Despite this, MTR has reported an operating profit (Ebitda) of $HK 10.17bn for the first six months, up 9.3% over the same period last year from $HK 9.3bn, primarily due to a $HK 1.9bn (92%) reduction in expenditure on project and business studies and other development expenses.
This included a positive Ebitda of $HK 106m for its Hong Kong transport operations. However, MTR says that this still constitutes a 97.6% fall from the $HK 4.35bn Ebitda reported for the same period in 2019.
MTR says the primary cause of the fall in revenue is the economic impact of the coronavirus pandemic on its Hong Kong rail operations, which saw a 37.7% fall in ridership for the first half of the year, compared with the first six months of 2019. MTR carried 637.3 million passengers in the first half of this year.
The decline in ridership was most heavily felt in MTR’s longer-distance services following the closure of border crossings with mainland China. This included a 91.7% fall in passengers on Intercity services for the first half of the year compared with the same period in 2019, as well as declines in passenger numbers for the operator’s High Speed Rail (89.4%), Cross-boundary (87.2%) and Airport Express (77%) services.
By contrast, MTR’s local services suffered substantially less, but still saw significant declines in ridership of 33.3% for the first six months compared with the same period in 2019, resulting in passenger numbers of 553.6 million recorded at the end of June.
MTR’s light rail and bus network experienced a 36.2% fall in ridership for the period, with an overall ridership of 73 million for the first six months of this year.
As a result, MTR’s Hong Kong transport network reported a combined fall in revenue of 41.7% for the first half of the year to $HK 6.23bn, compared with $HK 10.69bn for the same period in 2019.
Rail plus property
MTR reported that commercial revenue from its Hong Kong stations fell by 49.1% to $HK 1.8bn for the first half of the year due to the fall in traffic, compared with $HK 3.56bn in the first half of 2019. This resulted in a fall in Ebitda for this income stream of 52%, to $HK 1.55bn.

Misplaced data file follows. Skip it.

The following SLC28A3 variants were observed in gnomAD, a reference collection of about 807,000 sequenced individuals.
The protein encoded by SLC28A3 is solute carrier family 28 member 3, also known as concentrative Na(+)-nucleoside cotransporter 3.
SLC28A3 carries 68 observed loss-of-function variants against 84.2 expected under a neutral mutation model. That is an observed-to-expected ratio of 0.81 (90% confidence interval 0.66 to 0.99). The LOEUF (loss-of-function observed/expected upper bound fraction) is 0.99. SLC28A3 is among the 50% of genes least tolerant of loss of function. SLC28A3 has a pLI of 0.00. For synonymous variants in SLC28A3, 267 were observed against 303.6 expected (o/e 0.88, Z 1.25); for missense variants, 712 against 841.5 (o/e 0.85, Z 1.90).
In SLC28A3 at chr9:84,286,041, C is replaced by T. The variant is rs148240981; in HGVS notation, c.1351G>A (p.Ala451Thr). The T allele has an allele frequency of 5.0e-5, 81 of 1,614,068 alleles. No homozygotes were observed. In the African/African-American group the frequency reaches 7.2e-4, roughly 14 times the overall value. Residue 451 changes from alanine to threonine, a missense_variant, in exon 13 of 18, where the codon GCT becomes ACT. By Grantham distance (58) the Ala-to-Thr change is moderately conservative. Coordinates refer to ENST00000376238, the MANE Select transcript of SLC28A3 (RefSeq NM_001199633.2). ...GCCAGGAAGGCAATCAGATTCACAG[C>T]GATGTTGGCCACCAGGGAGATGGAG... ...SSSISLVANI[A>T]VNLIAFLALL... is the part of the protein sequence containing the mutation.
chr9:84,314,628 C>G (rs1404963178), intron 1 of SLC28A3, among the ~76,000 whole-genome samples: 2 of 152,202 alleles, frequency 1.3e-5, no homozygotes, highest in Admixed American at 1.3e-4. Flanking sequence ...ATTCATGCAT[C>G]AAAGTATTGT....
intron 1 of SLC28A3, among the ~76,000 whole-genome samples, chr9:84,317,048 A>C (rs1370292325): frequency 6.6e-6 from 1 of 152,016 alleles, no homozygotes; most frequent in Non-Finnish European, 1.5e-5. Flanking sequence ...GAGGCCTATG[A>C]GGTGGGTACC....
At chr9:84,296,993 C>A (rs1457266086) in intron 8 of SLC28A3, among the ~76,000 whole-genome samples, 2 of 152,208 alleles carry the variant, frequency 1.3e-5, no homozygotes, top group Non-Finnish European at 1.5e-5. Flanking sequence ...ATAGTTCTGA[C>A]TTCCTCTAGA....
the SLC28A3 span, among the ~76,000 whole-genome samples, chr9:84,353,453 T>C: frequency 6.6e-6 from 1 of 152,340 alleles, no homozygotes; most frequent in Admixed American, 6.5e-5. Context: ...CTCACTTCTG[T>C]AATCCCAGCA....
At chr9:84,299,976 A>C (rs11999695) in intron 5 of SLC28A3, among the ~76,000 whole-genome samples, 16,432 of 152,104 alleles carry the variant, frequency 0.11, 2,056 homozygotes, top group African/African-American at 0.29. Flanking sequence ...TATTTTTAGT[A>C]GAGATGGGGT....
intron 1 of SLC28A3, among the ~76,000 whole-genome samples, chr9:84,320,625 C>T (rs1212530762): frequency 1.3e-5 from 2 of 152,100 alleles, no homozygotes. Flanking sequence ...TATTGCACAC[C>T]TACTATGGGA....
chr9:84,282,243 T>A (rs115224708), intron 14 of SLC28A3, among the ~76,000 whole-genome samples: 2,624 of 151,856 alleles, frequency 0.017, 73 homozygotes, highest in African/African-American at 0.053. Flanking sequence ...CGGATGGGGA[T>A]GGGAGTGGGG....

However, MTR says that income from property rental and management subsidiaries from its broader Hong Kong property portfolio, which includes a range of commercial and residential developments, has remained a stable source of income throughout the economic crisis.
For the first half of the year, MTR received $HK 2.58bn in revenue from its Hong Kong properties, down only 2% from the same period in 2019. This resulted in an Ebitda for this income stream of $HK 2.2bn, down by only 1.7%.
MTR operates according to a ‘Rail plus Property’ (R+P) business model, in which it develops real estate around its stations to provide an additional revenue stream to support its operation and expansion.
MTR’s non-Hong Kong property development and management subsidiaries, as well as transport operation contracts in mainland China and internationally, reported a combined revenue of $HK 10.47bn for the first half of the year, compared with $HK 10.56bn for the period in 2019 - a fall of just 0.9%.
However, due to drops in traffic on its mainland and international rail operations, which included a decline in patronage on MTR’s Shenzhen Metro Line 4 subsidiary of 46%, MTR reported a 54% fall in Ebitda for the period from $HK 672m for the first half of 2019, to $HK 309m.
“Our businesses in Hong Kong experienced substantially reduced revenue and incurred an operating loss during the first half of the year,” says Mr Jacob Kam, MTR’s CEO. “Nevertheless, our overall financial position remains strong as a result of our R+P business model.”
Despite this positive attitude, Kam says that MTR will review its business strategy to improve its durability and responsiveness to the changing economic situation. “We are embarking on a re-examination of our strategic direction with the aim of strengthening our existing core competitive advantages, increasing agility and developing new capabilities. By focusing more on how we care for the environment and our communities, we will create new opportunities and be better positioned to respond to societal needs.”